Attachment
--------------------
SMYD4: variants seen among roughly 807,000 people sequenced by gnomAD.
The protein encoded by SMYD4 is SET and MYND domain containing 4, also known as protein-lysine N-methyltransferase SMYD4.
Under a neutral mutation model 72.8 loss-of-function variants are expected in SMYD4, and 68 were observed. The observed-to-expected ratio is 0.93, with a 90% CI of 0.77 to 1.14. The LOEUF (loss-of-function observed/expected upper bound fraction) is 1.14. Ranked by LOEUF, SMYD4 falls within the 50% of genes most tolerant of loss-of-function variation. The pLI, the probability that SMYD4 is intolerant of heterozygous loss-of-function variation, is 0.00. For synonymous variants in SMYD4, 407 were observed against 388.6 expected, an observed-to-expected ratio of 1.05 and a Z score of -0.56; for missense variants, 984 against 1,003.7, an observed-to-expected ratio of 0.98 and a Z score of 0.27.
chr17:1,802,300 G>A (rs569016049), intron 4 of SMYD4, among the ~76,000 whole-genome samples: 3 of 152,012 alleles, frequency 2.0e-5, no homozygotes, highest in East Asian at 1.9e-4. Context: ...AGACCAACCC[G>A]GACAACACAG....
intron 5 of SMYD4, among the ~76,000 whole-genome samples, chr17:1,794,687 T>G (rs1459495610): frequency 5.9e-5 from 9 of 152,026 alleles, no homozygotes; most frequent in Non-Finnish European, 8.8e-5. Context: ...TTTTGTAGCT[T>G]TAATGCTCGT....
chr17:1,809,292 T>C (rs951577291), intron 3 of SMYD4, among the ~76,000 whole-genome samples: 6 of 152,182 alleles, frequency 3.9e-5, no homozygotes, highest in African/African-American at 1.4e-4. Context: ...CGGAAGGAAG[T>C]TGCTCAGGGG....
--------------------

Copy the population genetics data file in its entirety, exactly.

SMYD4: variants seen among roughly 807,000 people sequenced by gnomAD.
The protein encoded by SMYD4 is SET and MYND domain containing 4, also known as protein-lysine N-methyltransferase SMYD4.
Under a neutral mutation model 72.8 loss-of-function variants are expected in SMYD4, and 68 were observed. The observed-to-expected ratio is 0.93, with a 90% CI of 0.77 to 1.14. The LOEUF (loss-of-function observed/expected upper bound fraction) is 1.14. Ranked by LOEUF, SMYD4 falls within the 50% of genes most tolerant of loss-of-function variation. The pLI, the probability that SMYD4 is intolerant of heterozygous loss-of-function variation, is 0.00. For synonymous variants in SMYD4, 407 were observed against 388.6 expected, an observed-to-expected ratio of 1.05 and a Z score of -0.56; for missense variants, 984 against 1,003.7, an observed-to-expected ratio of 0.98 and a Z score of 0.27.
chr17:1,802,300 G>A (rs569016049), intron 4 of SMYD4, among the ~76,000 whole-genome samples: 3 of 152,012 alleles, frequency 2.0e-5, no homozygotes, highest in East Asian at 1.9e-4. Context: ...AGACCAACCC[G>A]GACAACACAG....
intron 5 of SMYD4, among the ~76,000 whole-genome samples, chr17:1,794,687 T>G (rs1459495610): frequency 5.9e-5 from 9 of 152,026 alleles, no homozygotes; most frequent in Non-Finnish European, 8.8e-5. Context: ...TTTTGTAGCT[T>G]TAATGCTCGT....
chr17:1,809,292 T>C (rs951577291), intron 3 of SMYD4, among the ~76,000 whole-genome samples: 6 of 152,182 alleles, frequency 3.9e-5, no homozygotes, highest in African/African-American at 1.4e-4. Context: ...CGGAAGGAAG[T>C]TGCTCAGGGG....